The escrow agreement portion of the sales contract provides specific instructions for the handling and disbursement of the escrow funds. This document or clause will also dictate the terms of forfeiture in the event of contract cancellation by either party. It is imperative that specific circumstances, such as the failure of the property to appraise at the sales price, be addressed in order to protect each party's rights.
Enforceability of Real Estate Contracts
Most states, including Arizona, require that contracts for the purchase of real estate be in writing. Even so, oral agreements are not unheard of. However, there is very little to protect a buyer or seller when dealing with an oral agreement, sometimes called a handshake or gentleman's agreement. While verbal agreements were once commonplace, given the complexity of today's real estate transactions, enforceability will almost always require a written agreement. Likewise, keeping written correspondence, including e-mail, is a good practice when dealing with real estate transactions.
When escrow conflicts occur, litigation often follows. The escrow holder is not permitted to disburse the funds until all escrow provisions have been met. However, if the parties to a real estate transaction cannot agree on the disbursement of escrow funds, a process known as interpleader can remove the escrow agent from liability by depositing the escrow funds with the local court system. A judge will then determine the proper method and means of releasing the escrow funds.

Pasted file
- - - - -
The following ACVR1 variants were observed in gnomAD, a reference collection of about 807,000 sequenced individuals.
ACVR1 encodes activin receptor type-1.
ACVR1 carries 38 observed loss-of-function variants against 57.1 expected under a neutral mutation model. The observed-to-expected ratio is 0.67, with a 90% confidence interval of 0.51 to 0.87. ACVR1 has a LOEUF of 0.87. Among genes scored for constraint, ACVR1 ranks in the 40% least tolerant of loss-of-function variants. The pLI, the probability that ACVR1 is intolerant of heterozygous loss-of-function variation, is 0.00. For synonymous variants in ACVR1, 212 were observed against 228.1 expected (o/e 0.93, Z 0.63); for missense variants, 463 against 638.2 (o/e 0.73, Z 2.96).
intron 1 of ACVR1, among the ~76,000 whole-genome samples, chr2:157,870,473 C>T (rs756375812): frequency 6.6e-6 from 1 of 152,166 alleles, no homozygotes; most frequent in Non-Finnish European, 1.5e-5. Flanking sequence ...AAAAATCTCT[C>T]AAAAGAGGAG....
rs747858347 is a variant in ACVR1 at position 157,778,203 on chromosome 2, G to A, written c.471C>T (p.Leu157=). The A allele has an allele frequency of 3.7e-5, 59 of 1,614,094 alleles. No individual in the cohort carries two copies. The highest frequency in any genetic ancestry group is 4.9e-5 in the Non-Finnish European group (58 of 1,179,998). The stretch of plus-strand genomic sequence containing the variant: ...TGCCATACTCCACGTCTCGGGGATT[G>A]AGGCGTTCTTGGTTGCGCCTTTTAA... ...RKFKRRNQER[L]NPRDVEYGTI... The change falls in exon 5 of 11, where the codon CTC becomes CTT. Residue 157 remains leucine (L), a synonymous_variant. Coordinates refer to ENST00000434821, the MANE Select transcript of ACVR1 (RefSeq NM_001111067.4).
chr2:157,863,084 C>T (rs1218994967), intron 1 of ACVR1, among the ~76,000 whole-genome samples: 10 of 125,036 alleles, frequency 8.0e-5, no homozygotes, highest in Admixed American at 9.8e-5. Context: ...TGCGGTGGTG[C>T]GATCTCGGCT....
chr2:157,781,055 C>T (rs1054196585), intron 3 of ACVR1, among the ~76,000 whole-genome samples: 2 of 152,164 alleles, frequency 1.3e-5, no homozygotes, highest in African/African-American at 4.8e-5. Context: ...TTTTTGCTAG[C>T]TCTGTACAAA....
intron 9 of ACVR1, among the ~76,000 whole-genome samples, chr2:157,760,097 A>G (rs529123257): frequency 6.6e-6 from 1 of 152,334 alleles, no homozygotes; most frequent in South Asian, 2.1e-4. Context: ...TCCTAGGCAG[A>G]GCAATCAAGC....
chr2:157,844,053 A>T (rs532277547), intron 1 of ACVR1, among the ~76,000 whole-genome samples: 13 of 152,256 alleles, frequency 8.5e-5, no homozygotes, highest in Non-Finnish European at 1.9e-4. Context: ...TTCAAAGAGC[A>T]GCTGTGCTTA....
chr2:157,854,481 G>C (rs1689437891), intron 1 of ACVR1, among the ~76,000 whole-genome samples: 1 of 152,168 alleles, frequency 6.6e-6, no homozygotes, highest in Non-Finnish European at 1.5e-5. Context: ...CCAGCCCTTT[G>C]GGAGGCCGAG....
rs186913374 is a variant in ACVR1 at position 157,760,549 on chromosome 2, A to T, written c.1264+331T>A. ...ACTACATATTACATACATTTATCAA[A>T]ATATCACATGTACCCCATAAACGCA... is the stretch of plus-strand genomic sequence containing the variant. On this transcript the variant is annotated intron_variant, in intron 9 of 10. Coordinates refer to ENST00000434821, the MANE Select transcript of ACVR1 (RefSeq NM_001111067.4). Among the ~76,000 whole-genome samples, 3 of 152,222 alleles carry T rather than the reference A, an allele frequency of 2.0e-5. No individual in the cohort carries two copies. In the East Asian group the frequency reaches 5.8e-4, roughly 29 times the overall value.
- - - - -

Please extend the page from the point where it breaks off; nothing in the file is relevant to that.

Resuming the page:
In Arizona, all contracts for the sale of real property or an interest in the property must be in writing. It is important to note that states differ in their statute of limitations (the time during which a party may sue) pertaining to escrow claims. Arizona's statute of limitations varies according to the type of contract in dispute. In Arizona, actions for specific performance for the conveyance of real property have a four-year statute of limitations; written contracts for debt have a six-year statute of limitations; and oral contracts, if proven, have a three-year statute of limitations. Contract disputes concerning real estate most often involve a demand for escrow funds or specific performance for the transfer of the property.
The weak and often tumultuous climate of today's real estate and lending markets should provoke both buyers and sellers to carefully consider the consequences of a canceled real estate transaction. Each party should ensure that it is protected - in writing - in case of unforeseen circumstances, such as low appraisals, and that the handling of the escrow deposit is clearly outlined to accommodate these circumstances. Parties might successfully avoid litigation by having their contracts drafted - or at least reviewed by qualified attorneys before signing. In the event of litigation, a party should retain a qualified attorney to help them protect their rights.